Before you step out of the vehicle at little Magness Lake, roll down a window and listen. You’ll know why the big, stately, beautiful birds are named trumpeter swans.
They are another Arkansas wildlife success story, although it has a touch of mystery. Nobody can fully explain why these birds took a liking to this one small oxbow lake a few miles east of Heber Springs in Cleburne County.
It was in the early 1990s, and three swans showed up on Perry Linder’s farm. He welcomed them, doled out whole kernel corn, and their numbers have been growing since.
Today the trumpeter swans are a tourist attraction, somewhat along the line of the elk in Boxley Valley in northwest Arkansas. People come from all over to look at the swans, and the birds are cooperative. The visitors arrive in cars, pickups and church buses. Cameras are busy.
Many of these visitors drop in at nearby restaurants, convenience stores and, occasionally, motels.
On a recent Saturday afternoon, the count was 212 swans. With them were hundreds of ducks and a few geese. Ring-necked ducks outnumbered the swans. Dozens of mallards were mixed in along with a few buffleheads and other ducks.
Linder sold the property to the Eason family a few years back, and protective fencing plus an informational sign have been installed. The fence prevents falls down a steep bank on the south side of the lake near the road.
The swans and the ducks don’t go hungry. An automatic feeder dispenses whole kernel corn regularly, and the birds have learned to anticipate this. Visitors are strongly urged to feed only corn and not bread, potato chips and other items.
Many visitors bring binoculars and telephoto lenses for their cameras, but these really aren’t necessary. The swans usually are close at hand — 20, 30, 50 feet away from the fence at the viewing area.
The swans will be at Magness Lake until late February or early March, then they’ll fly back to their breeding grounds in the Upper Midwest.
Here are a few basics of the Magness Lake trumpeter swans:
What is a male swan called, a female swan?
A male is called a cob. The female is called a pen and the young of the year are called cygnets.
What do trumpeter swans eat?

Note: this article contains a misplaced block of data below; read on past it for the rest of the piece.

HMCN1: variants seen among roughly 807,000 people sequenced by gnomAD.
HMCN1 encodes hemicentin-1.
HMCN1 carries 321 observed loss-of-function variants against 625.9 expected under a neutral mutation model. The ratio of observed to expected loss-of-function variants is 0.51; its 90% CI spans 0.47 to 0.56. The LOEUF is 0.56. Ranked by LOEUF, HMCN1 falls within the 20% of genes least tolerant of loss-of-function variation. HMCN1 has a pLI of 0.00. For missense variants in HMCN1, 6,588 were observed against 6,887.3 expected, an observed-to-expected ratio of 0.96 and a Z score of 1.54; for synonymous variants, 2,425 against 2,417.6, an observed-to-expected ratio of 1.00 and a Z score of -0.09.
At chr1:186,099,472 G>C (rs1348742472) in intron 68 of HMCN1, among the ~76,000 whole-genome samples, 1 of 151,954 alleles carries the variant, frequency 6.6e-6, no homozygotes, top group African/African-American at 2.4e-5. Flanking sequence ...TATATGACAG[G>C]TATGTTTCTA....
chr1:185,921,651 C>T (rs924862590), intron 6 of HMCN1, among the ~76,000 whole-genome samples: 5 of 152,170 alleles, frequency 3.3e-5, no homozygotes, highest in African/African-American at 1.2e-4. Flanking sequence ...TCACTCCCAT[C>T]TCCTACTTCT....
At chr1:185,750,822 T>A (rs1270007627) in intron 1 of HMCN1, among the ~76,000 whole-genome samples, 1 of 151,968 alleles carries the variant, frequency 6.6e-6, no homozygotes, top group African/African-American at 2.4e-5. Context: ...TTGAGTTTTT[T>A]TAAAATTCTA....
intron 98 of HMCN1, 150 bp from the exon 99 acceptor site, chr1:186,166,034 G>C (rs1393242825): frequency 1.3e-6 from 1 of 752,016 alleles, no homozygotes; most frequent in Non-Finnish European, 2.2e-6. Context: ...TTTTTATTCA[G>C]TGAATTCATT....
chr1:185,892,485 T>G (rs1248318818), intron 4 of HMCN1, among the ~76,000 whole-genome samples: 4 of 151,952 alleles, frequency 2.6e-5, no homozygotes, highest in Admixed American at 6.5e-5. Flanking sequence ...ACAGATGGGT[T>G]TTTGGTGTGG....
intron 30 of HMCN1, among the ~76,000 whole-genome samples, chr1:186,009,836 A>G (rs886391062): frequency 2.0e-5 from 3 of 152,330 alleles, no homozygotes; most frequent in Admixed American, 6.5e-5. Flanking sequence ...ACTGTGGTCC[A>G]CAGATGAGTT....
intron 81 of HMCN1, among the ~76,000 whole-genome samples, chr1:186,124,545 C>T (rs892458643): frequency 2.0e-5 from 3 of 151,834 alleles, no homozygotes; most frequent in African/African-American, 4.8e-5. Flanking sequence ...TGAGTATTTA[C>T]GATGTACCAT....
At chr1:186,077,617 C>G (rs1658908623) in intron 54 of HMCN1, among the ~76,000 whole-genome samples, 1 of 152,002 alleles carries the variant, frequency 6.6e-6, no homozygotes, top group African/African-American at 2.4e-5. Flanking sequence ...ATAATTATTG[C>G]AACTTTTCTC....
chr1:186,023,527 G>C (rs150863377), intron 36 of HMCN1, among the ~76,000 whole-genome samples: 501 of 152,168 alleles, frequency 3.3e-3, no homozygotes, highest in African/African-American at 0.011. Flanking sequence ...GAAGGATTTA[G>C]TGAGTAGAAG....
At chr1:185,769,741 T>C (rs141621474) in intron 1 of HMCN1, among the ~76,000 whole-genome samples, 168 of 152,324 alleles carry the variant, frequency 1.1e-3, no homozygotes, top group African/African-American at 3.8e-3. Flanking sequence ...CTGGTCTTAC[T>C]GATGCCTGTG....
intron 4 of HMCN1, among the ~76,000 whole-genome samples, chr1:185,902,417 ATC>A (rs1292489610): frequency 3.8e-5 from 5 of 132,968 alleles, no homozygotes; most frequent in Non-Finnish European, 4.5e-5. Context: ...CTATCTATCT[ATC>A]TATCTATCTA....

Adult swans eat aquatic vegetation, including the leaves, seeds, and roots of many types of pond weeds. In captivity, swans will eat corn and other grains provided. Wild swans have also adapted to field feeding, eating left over grains and vegetables that have been harvested by farmers.
Where do the trumpeter swans come from?
Most of the swans at Magness Lake are from Minnesota. Others are from Wisconsin, Iowa and a few perhaps from upper Michigan.
How many eggs do trumpeter swans lay?
They lay, on the average, three to eight eggs. Only one clutch of eggs is laid per year. The swans build their nests out of stems and leaves from plants such as cattails and sedges. Trumpeters often nest on top of muskrat or beaver lodges.
How big are trumpeter swans?
They are the largest waterfowl in North America, weighing 25 to 30 pounds. Wing span is about 8 feet. In comparison, the giant subspecies of Canada geese living in Arkansas weigh about 12 pounds. Snow geese weigh about 7 pounds.
Where can I see trumpeter swans in Arkansas?
The established viewing area is at Magness Lake, a small, 30-acre oxbow off Little Red River east of Heber Springs.
Drive east on Arkansas Highway 110 from its intersection with Arkansas Highways 5 and 25 just east of Heber Springs. Go 3.9 miles from the intersection to Sovereign Grace Baptist Church, on the right and marked with a white sign. Turn left on Hays Road, a paved county road. Magness Lake is about a half-mile down this road, and a gravel parking area is at an S curve in the road.
Joe Mosby is the retired news editor of the Arkansas Game and Fish Commission and Arkansas’ best known outdoor writer. His work is distributed by the Arkansas News Bureau in Little Rock. He can be reached by e-mail at firstname.lastname@example.org.